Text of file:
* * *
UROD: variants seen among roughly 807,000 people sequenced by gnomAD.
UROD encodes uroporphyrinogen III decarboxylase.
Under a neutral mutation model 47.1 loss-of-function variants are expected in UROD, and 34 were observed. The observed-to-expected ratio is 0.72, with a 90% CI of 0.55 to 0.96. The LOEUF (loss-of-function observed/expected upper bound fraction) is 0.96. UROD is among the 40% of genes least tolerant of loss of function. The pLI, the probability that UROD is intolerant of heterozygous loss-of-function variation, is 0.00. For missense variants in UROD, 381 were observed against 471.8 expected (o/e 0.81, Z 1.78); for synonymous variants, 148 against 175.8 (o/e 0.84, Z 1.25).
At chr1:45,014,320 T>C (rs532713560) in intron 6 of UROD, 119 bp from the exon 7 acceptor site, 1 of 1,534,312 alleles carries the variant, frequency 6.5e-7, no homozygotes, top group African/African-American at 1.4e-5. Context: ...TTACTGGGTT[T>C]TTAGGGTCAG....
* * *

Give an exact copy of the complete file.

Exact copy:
UROD: variants seen among roughly 807,000 people sequenced by gnomAD.
UROD encodes uroporphyrinogen III decarboxylase.
Under a neutral mutation model 47.1 loss-of-function variants are expected in UROD, and 34 were observed. The observed-to-expected ratio is 0.72, with a 90% CI of 0.55 to 0.96. The LOEUF (loss-of-function observed/expected upper bound fraction) is 0.96. UROD is among the 40% of genes least tolerant of loss of function. The pLI, the probability that UROD is intolerant of heterozygous loss-of-function variation, is 0.00. For missense variants in UROD, 381 were observed against 471.8 expected (o/e 0.81, Z 1.78); for synonymous variants, 148 against 175.8 (o/e 0.84, Z 1.25).
At chr1:45,014,320 T>C (rs532713560) in intron 6 of UROD, 119 bp from the exon 7 acceptor site, 1 of 1,534,312 alleles carries the variant, frequency 6.5e-7, no homozygotes, top group African/African-American at 1.4e-5. Context: ...TTACTGGGTT[T>C]TTAGGGTCAG....